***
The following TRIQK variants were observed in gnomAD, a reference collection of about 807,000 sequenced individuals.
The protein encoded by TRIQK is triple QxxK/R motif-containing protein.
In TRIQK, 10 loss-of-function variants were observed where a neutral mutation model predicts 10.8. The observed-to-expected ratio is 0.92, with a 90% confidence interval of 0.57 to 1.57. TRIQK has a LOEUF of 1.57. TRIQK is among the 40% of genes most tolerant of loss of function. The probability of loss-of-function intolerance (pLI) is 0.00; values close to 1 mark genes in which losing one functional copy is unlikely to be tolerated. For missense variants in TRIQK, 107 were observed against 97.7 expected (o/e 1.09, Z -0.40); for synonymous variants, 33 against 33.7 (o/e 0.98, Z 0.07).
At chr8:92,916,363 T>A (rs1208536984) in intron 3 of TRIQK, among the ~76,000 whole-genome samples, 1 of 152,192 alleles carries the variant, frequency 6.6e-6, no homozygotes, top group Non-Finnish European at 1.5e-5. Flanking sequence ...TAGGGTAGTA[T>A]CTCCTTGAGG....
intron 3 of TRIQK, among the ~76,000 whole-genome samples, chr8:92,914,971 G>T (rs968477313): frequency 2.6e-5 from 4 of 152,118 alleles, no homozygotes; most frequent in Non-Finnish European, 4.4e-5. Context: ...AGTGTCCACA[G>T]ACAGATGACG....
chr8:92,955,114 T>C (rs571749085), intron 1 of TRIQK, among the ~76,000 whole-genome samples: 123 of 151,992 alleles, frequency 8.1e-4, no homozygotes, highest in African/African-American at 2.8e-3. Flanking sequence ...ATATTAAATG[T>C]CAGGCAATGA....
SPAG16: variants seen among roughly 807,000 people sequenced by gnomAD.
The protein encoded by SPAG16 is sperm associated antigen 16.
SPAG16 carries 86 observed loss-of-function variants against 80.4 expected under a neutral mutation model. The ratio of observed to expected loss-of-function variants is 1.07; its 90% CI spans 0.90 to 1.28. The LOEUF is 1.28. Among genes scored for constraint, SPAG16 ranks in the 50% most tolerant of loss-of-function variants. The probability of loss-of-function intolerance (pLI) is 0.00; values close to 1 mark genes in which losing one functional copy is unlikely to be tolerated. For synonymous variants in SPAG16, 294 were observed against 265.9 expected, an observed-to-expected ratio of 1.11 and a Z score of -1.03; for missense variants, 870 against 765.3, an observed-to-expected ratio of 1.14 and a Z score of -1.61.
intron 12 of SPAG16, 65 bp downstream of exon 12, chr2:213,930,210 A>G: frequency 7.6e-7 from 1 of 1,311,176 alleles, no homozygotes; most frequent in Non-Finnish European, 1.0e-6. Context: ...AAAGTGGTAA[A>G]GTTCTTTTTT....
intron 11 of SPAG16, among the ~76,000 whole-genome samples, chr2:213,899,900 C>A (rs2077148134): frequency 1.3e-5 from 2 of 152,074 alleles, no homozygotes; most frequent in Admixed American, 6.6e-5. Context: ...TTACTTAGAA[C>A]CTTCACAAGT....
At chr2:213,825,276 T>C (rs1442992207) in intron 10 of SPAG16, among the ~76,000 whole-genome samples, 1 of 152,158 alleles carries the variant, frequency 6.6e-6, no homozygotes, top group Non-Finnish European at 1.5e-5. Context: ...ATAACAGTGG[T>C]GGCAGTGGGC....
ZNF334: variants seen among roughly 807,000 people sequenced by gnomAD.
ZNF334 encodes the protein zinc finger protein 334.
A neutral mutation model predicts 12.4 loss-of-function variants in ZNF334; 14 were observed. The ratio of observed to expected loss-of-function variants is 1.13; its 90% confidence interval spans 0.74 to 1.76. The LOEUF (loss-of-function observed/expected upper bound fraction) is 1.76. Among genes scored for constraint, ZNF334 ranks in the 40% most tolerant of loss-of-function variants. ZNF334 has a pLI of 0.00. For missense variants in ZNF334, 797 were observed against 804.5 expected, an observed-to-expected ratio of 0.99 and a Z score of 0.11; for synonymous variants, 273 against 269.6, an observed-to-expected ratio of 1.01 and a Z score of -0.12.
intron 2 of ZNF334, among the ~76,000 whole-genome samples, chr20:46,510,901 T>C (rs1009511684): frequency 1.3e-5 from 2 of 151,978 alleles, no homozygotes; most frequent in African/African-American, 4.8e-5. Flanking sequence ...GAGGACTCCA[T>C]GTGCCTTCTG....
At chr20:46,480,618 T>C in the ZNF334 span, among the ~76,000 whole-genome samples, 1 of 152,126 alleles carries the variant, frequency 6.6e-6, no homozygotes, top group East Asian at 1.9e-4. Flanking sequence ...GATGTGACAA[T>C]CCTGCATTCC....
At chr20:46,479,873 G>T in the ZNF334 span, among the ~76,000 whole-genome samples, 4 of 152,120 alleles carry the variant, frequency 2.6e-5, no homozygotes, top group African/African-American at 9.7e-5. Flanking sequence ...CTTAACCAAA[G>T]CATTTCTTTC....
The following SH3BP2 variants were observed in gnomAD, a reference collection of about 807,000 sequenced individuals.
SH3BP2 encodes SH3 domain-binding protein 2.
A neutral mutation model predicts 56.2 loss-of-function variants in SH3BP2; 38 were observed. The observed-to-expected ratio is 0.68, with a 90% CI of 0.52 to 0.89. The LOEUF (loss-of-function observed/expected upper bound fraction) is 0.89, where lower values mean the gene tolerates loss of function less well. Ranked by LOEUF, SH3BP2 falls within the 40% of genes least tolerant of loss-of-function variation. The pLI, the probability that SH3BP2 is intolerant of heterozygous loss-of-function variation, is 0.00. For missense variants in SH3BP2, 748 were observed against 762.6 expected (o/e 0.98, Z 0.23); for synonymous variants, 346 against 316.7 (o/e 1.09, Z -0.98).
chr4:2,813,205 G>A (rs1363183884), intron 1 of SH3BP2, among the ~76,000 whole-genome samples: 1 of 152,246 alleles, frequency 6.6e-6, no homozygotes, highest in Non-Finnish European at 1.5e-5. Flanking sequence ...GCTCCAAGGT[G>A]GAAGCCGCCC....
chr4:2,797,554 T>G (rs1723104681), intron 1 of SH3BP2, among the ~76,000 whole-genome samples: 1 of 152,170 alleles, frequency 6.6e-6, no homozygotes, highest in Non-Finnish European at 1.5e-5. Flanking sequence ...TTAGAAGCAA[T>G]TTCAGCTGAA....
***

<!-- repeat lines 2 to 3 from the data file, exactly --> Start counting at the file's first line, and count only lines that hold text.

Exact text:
The protein encoded by TRIQK is triple QxxK/R motif-containing protein.
In TRIQK, 10 loss-of-function variants were observed where a neutral mutation model predicts 10.8. The observed-to-expected ratio is 0.92, with a 90% confidence interval of 0.57 to 1.57. TRIQK has a LOEUF of 1.57. TRIQK is among the 40% of genes most tolerant of loss of function. The probability of loss-of-function intolerance (pLI) is 0.00; values close to 1 mark genes in which losing one functional copy is unlikely to be tolerated. For missense variants in TRIQK, 107 were observed against 97.7 expected (o/e 1.09, Z -0.40); for synonymous variants, 33 against 33.7 (o/e 0.98, Z 0.07).